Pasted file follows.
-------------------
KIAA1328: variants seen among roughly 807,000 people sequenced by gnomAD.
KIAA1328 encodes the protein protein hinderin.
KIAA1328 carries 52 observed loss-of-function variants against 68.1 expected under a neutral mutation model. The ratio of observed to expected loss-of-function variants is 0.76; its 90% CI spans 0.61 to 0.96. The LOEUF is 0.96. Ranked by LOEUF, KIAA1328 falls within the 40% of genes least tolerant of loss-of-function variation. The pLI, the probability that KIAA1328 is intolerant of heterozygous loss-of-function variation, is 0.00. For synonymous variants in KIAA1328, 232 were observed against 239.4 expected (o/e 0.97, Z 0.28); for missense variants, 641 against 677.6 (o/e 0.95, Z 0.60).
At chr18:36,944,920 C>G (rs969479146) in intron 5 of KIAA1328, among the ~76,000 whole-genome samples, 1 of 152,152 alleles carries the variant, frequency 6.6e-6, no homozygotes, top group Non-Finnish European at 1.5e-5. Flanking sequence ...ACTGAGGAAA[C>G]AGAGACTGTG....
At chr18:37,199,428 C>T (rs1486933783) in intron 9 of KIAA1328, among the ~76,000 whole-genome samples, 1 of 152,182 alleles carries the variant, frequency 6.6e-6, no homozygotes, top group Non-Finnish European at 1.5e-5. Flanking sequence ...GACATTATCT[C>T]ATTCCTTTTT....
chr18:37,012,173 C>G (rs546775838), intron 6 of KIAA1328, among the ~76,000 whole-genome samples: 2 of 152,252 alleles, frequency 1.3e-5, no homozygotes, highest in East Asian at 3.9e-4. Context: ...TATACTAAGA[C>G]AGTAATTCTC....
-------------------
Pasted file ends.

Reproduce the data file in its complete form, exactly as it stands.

KIAA1328: variants seen among roughly 807,000 people sequenced by gnomAD.
KIAA1328 encodes the protein protein hinderin.
KIAA1328 carries 52 observed loss-of-function variants against 68.1 expected under a neutral mutation model. The ratio of observed to expected loss-of-function variants is 0.76; its 90% CI spans 0.61 to 0.96. The LOEUF is 0.96. Ranked by LOEUF, KIAA1328 falls within the 40% of genes least tolerant of loss-of-function variation. The pLI, the probability that KIAA1328 is intolerant of heterozygous loss-of-function variation, is 0.00. For synonymous variants in KIAA1328, 232 were observed against 239.4 expected (o/e 0.97, Z 0.28); for missense variants, 641 against 677.6 (o/e 0.95, Z 0.60).
At chr18:36,944,920 C>G (rs969479146) in intron 5 of KIAA1328, among the ~76,000 whole-genome samples, 1 of 152,152 alleles carries the variant, frequency 6.6e-6, no homozygotes, top group Non-Finnish European at 1.5e-5. Flanking sequence ...ACTGAGGAAA[C>G]AGAGACTGTG....
At chr18:37,199,428 C>T (rs1486933783) in intron 9 of KIAA1328, among the ~76,000 whole-genome samples, 1 of 152,182 alleles carries the variant, frequency 6.6e-6, no homozygotes, top group Non-Finnish European at 1.5e-5. Flanking sequence ...GACATTATCT[C>T]ATTCCTTTTT....
chr18:37,012,173 C>G (rs546775838), intron 6 of KIAA1328, among the ~76,000 whole-genome samples: 2 of 152,252 alleles, frequency 1.3e-5, no homozygotes, highest in East Asian at 3.9e-4. Context: ...TATACTAAGA[C>G]AGTAATTCTC....